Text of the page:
Halley's Comet is unique in that it crosses the orbit of Earth in two places. Consequently it is associated with two meteor showers: the Eta Aquarids which occur in May and the Orionids which occur in October.

The Leonids are one of the major meteor showers of the year which peak in mid-November, but the hourly rate at maximum is only about 20 meteors per hour so they don't get much attention. The source of these meteors is Comet P55/Temple-Tuttle whose period is only 33 years. But this means that once every 33 years the path of this comet crosses the Earth's orbit which deposits a fresh debris field so the resulting meteor shower often becomes what we call a meteor storm. Hourly rates up to 1400 (40 per second) have been observed!

 

Observing Comets

Most comets are faint. And be wary of brightness estimates because they will make it seem they are much brighter than they will actually appear. That is because those brightness estimates are for the total brightness and this is spread out over a large area. For most comets you are going to need a star chart or specific celestial coordinates. Because a comet is continually in motion, those numbers must be associated with a specific date.

Path of Comet Neowise night by night. Image: Sky and Telescope. Used by permission. © 2020 Sky & Telescope Used by permission.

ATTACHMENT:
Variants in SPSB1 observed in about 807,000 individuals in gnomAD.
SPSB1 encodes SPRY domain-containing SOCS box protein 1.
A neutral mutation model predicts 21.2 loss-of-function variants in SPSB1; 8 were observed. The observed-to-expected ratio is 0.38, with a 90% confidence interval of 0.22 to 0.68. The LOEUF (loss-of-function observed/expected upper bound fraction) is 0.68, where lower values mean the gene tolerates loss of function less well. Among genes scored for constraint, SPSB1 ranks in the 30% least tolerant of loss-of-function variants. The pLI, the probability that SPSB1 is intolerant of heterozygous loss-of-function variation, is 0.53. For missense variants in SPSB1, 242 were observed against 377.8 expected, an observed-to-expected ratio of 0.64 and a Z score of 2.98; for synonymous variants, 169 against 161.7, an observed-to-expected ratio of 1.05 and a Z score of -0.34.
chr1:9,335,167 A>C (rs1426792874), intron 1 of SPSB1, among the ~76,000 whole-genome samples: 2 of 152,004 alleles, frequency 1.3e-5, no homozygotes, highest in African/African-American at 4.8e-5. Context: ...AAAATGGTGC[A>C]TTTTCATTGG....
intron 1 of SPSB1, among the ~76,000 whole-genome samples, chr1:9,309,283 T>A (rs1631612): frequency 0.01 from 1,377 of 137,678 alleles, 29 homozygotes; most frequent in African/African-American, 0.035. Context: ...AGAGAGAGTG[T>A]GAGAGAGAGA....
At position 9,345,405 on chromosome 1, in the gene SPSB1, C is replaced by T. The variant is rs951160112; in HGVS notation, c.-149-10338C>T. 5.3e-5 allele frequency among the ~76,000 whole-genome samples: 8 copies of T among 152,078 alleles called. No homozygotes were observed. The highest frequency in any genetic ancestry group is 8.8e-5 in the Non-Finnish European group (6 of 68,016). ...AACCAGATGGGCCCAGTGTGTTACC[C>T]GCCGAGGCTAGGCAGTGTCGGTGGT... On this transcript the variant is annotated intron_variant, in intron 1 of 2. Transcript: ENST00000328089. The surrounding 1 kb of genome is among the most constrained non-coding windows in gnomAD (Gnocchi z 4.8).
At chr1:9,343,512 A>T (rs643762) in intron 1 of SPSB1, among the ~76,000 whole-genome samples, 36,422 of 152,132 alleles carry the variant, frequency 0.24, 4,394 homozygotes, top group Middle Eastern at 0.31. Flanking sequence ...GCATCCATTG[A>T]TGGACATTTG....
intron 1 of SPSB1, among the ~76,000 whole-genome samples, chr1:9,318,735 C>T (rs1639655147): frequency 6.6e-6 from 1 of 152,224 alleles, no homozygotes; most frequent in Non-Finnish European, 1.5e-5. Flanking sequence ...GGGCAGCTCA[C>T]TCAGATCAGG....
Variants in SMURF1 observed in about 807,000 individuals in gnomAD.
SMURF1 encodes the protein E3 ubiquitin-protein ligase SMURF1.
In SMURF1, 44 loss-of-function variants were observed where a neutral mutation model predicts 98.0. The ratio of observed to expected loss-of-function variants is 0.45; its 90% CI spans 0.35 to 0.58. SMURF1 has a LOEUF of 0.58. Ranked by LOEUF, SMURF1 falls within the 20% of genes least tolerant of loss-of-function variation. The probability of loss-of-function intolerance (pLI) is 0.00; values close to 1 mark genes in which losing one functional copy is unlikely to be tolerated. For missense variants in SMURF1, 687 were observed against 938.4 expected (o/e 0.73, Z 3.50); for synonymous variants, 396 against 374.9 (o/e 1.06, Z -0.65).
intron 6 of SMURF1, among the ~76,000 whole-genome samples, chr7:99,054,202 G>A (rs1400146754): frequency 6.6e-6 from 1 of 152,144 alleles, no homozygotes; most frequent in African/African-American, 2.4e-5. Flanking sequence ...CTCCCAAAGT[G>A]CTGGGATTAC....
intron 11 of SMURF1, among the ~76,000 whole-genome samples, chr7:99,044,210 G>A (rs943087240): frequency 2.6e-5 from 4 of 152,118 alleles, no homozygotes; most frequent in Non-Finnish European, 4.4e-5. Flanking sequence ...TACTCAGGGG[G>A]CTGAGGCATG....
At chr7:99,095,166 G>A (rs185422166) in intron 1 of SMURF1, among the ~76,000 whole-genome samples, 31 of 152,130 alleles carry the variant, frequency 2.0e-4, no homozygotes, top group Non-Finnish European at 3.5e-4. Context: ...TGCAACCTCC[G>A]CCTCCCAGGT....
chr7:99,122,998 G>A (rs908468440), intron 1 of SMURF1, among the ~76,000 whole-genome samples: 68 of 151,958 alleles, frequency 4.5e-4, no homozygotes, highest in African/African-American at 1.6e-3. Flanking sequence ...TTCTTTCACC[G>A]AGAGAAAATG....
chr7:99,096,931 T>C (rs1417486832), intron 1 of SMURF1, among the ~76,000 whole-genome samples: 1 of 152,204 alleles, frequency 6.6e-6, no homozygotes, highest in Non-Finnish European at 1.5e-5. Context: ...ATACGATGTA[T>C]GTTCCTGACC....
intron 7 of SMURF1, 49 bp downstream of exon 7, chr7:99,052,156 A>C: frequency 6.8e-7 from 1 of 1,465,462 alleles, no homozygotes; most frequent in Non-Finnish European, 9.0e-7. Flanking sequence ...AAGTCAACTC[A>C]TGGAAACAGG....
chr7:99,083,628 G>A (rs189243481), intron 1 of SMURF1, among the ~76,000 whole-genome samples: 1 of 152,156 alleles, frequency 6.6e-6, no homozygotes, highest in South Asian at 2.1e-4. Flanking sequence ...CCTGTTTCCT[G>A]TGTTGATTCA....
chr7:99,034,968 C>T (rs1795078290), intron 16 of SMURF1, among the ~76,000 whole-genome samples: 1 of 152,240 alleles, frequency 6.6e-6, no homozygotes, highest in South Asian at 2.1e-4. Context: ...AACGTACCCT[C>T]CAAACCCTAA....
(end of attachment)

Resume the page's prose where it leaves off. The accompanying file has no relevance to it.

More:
A great resource for the brighter comets is Sky & Telescope who will almost always publish a finder guide like the one shown above for the brighter comets which appear.

Comet Neowise position. Stellarium. Another method for locating a comet is with a planetarium program. Here we again using Stellarium as our example. The Stellarium screenshot on the right shows the position on the given date which was in the constellation Ursa Major. Though this method works really great, getting new comet data can be a real challenge.

Finally another great resource for comets is The Sky Live. At the top of their home page they have links to find comets, asteroids, and the planets.

 

Asteroids

Orbits of Mercury, Venus, Earth, Mars, and Jupiter to scale. Wikipedia Commons.Ever since astronomers knew the distances of the planets they noticed in inordinately wide gap between the orbits of Mars and Jupiter. It just seemed like something should be there. And in the wildest of imaginations, maybe even a planet. But why should there be one? It wasn't as if there was some magical formula that dictated the distances of the planets. But what if there were? This will be the story of the missing planet.

 

Johann Bode

In 1771 astronomer Johann Bode in Germany thinks he has this "magical" formula. He is not the originator, but he is going to champion the idea so it will be widely known as Bode's Law. You start with the numbers 0 and 3. You double the 3 to get 6, double that to get 12, then 24, 48, and so on.